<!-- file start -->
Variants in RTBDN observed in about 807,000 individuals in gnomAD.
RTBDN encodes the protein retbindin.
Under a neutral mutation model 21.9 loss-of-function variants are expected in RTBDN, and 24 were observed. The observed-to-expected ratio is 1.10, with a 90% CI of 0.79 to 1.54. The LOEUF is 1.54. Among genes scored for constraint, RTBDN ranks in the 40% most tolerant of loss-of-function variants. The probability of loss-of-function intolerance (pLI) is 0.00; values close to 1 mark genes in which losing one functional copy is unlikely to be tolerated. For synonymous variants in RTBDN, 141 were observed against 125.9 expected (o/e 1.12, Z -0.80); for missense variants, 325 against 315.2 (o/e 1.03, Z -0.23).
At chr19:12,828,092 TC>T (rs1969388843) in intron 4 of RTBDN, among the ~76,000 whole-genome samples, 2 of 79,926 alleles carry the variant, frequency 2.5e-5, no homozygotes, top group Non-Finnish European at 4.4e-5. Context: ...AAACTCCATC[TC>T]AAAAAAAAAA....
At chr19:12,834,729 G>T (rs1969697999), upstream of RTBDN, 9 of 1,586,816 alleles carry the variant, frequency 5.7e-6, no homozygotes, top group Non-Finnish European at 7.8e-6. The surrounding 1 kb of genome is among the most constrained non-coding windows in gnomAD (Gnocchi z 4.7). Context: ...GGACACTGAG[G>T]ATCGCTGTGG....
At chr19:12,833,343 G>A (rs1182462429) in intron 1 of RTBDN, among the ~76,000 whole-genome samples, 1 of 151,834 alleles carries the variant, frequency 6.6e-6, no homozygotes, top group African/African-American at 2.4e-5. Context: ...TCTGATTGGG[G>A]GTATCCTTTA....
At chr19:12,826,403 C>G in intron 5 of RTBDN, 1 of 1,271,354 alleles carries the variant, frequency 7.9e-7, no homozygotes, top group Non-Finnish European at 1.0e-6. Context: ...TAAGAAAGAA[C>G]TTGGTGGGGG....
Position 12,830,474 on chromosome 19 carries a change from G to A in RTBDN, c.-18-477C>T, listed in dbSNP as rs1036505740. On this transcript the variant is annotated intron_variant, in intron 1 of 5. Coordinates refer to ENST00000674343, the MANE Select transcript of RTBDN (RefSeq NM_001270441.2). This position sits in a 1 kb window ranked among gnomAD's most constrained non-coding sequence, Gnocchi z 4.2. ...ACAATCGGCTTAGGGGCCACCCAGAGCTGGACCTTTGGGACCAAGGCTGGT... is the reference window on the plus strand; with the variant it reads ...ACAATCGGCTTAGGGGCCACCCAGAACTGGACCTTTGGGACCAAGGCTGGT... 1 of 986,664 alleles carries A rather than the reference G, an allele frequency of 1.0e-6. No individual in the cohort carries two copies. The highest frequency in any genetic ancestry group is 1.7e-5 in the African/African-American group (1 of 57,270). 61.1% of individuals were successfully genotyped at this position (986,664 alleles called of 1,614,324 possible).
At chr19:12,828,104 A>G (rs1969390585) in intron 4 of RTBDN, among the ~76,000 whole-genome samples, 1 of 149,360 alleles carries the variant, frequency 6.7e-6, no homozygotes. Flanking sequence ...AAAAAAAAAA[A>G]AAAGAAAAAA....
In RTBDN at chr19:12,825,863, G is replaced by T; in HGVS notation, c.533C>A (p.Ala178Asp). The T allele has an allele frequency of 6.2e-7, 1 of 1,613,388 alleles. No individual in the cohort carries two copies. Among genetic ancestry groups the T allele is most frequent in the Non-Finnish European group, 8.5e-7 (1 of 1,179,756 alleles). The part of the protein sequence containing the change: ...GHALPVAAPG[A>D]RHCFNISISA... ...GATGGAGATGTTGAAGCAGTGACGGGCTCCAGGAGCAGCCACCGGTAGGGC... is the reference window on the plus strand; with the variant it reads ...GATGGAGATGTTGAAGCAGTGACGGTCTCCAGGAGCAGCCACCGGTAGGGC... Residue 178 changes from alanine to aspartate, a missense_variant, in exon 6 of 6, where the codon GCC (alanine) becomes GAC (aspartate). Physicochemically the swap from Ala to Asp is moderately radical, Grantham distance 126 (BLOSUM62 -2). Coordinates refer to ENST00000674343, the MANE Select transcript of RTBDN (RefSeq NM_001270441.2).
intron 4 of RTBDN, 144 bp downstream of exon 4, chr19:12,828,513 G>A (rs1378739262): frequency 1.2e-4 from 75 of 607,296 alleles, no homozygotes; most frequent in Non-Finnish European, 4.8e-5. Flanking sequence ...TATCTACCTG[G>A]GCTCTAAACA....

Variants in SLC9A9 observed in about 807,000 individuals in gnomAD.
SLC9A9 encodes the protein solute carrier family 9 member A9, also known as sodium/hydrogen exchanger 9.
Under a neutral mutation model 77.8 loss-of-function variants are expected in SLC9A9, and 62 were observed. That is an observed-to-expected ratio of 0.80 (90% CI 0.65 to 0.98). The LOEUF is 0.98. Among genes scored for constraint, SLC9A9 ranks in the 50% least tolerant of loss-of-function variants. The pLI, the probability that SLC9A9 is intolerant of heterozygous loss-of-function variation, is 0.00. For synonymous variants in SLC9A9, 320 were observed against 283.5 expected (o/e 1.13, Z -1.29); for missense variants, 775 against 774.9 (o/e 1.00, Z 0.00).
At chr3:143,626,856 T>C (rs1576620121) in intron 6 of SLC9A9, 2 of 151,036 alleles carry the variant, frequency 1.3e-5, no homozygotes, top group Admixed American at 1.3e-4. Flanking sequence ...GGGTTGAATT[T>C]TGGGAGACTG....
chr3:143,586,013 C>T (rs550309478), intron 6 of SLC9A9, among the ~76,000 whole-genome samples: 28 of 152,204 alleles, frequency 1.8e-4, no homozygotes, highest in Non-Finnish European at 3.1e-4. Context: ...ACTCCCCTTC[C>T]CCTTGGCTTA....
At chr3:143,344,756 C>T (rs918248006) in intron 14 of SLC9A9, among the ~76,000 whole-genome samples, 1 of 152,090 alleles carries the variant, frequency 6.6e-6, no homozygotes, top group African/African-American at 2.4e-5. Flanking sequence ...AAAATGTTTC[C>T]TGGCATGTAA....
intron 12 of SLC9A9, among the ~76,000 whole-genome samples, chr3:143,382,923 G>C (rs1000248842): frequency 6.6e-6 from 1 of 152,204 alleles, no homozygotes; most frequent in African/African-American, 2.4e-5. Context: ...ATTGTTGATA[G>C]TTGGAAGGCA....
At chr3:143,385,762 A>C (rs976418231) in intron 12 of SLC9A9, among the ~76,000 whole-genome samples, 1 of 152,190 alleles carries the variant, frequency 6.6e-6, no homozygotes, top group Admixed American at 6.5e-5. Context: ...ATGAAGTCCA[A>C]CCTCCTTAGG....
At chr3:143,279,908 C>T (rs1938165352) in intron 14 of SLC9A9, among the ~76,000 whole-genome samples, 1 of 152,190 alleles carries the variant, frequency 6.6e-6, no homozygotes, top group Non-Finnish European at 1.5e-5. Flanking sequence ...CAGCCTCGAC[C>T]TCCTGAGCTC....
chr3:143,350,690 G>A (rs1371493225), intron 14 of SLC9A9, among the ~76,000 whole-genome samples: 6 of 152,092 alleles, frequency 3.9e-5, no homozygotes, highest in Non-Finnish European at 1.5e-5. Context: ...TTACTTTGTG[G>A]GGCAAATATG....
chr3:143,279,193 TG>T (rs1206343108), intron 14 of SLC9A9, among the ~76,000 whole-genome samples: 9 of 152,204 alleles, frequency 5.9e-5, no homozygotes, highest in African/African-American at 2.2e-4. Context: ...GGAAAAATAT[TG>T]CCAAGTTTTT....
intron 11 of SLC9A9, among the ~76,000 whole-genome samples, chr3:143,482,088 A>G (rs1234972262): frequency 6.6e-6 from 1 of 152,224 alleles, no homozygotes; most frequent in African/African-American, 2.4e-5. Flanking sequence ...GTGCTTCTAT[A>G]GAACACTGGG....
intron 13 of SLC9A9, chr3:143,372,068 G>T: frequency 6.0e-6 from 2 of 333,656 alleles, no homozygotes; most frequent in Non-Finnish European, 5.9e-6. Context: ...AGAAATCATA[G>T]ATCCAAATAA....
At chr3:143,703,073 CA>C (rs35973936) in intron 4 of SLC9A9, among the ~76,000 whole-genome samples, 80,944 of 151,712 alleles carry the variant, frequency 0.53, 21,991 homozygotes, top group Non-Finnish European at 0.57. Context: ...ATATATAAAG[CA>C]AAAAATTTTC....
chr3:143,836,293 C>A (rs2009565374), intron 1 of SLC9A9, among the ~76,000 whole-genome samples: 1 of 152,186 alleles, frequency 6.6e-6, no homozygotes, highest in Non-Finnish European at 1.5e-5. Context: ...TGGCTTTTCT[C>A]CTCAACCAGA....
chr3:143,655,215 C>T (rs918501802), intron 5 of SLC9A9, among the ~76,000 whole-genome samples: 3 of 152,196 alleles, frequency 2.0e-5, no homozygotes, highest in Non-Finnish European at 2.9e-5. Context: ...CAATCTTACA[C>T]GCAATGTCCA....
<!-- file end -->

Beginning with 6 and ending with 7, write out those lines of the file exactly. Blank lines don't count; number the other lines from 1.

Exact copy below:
At chr19:12,833,343 G>A (rs1182462429) in intron 1 of RTBDN, among the ~76,000 whole-genome samples, 1 of 151,834 alleles carries the variant, frequency 6.6e-6, no homozygotes, top group African/African-American at 2.4e-5. Context: ...TCTGATTGGG[G>A]GTATCCTTTA....
At chr19:12,826,403 C>G in intron 5 of RTBDN, 1 of 1,271,354 alleles carries the variant, frequency 7.9e-7, no homozygotes, top group Non-Finnish European at 1.0e-6. Context: ...TAAGAAAGAA[C>G]TTGGTGGGGG....